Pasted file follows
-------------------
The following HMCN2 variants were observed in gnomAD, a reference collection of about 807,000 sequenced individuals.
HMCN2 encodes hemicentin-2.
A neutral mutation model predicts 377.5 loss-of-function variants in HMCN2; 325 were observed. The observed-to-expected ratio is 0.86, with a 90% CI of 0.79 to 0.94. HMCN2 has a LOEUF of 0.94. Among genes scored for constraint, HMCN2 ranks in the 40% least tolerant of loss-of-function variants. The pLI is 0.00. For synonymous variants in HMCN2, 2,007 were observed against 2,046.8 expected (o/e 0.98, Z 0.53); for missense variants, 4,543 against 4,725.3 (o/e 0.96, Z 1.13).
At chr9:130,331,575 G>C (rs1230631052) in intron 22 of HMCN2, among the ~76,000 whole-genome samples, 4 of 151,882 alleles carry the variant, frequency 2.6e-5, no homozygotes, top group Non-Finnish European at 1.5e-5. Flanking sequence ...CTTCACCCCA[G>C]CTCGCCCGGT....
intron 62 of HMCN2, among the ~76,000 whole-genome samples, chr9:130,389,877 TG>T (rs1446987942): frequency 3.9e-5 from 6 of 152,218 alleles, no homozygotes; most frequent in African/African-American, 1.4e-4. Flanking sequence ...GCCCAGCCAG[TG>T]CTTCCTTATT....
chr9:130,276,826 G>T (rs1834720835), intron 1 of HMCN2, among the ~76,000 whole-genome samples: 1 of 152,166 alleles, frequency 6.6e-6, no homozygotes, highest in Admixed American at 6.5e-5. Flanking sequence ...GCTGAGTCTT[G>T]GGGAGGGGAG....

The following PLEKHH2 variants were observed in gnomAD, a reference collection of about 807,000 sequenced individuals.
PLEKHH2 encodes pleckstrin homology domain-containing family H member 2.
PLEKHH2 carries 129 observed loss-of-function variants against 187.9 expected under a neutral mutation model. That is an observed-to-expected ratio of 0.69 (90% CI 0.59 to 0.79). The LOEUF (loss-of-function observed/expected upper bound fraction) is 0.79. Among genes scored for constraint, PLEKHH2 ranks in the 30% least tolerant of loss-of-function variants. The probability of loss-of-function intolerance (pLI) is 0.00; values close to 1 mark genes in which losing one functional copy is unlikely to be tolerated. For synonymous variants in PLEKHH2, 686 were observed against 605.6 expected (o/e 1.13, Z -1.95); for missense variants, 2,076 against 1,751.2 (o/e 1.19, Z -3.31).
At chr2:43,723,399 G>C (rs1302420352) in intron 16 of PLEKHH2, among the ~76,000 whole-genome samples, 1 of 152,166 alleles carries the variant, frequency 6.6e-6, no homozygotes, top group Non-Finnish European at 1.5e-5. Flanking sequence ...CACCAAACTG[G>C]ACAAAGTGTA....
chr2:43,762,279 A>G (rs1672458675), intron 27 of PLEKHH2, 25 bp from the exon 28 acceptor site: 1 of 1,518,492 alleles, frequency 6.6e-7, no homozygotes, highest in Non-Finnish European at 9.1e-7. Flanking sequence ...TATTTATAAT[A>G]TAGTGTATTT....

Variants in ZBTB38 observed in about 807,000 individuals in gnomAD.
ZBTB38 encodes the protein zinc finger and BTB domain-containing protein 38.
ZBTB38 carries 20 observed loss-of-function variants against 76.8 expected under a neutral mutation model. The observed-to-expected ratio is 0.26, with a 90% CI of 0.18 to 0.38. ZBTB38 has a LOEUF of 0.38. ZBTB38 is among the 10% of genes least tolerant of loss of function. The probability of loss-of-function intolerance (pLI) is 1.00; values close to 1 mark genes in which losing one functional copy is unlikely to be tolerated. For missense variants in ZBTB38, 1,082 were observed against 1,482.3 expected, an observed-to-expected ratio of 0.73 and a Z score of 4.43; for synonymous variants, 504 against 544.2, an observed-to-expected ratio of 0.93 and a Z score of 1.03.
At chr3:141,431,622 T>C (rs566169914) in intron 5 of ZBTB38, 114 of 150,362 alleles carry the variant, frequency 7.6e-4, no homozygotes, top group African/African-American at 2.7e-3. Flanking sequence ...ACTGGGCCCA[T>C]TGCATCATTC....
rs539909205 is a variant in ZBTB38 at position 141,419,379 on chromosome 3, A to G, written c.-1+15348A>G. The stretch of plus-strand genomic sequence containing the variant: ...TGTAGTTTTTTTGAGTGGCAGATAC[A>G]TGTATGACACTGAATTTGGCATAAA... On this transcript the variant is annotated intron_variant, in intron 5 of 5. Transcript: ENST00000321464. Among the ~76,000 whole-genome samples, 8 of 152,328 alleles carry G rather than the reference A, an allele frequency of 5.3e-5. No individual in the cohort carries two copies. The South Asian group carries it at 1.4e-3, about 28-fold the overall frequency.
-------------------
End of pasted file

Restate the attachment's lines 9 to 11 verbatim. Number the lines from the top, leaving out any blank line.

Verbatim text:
PLEKHH2 carries 129 observed loss-of-function variants against 187.9 expected under a neutral mutation model. That is an observed-to-expected ratio of 0.69 (90% CI 0.59 to 0.79). The LOEUF (loss-of-function observed/expected upper bound fraction) is 0.79. Among genes scored for constraint, PLEKHH2 ranks in the 30% least tolerant of loss-of-function variants. The probability of loss-of-function intolerance (pLI) is 0.00; values close to 1 mark genes in which losing one functional copy is unlikely to be tolerated. For synonymous variants in PLEKHH2, 686 were observed against 605.6 expected (o/e 1.13, Z -1.95); for missense variants, 2,076 against 1,751.2 (o/e 1.19, Z -3.31).
At chr2:43,723,399 G>C (rs1302420352) in intron 16 of PLEKHH2, among the ~76,000 whole-genome samples, 1 of 152,166 alleles carries the variant, frequency 6.6e-6, no homozygotes, top group Non-Finnish European at 1.5e-5. Flanking sequence ...CACCAAACTG[G>C]ACAAAGTGTA....
chr2:43,762,279 A>G (rs1672458675), intron 27 of PLEKHH2, 25 bp from the exon 28 acceptor site: 1 of 1,518,492 alleles, frequency 6.6e-7, no homozygotes, highest in Non-Finnish European at 9.1e-7. Flanking sequence ...TATTTATAAT[A>G]TAGTGTATTT....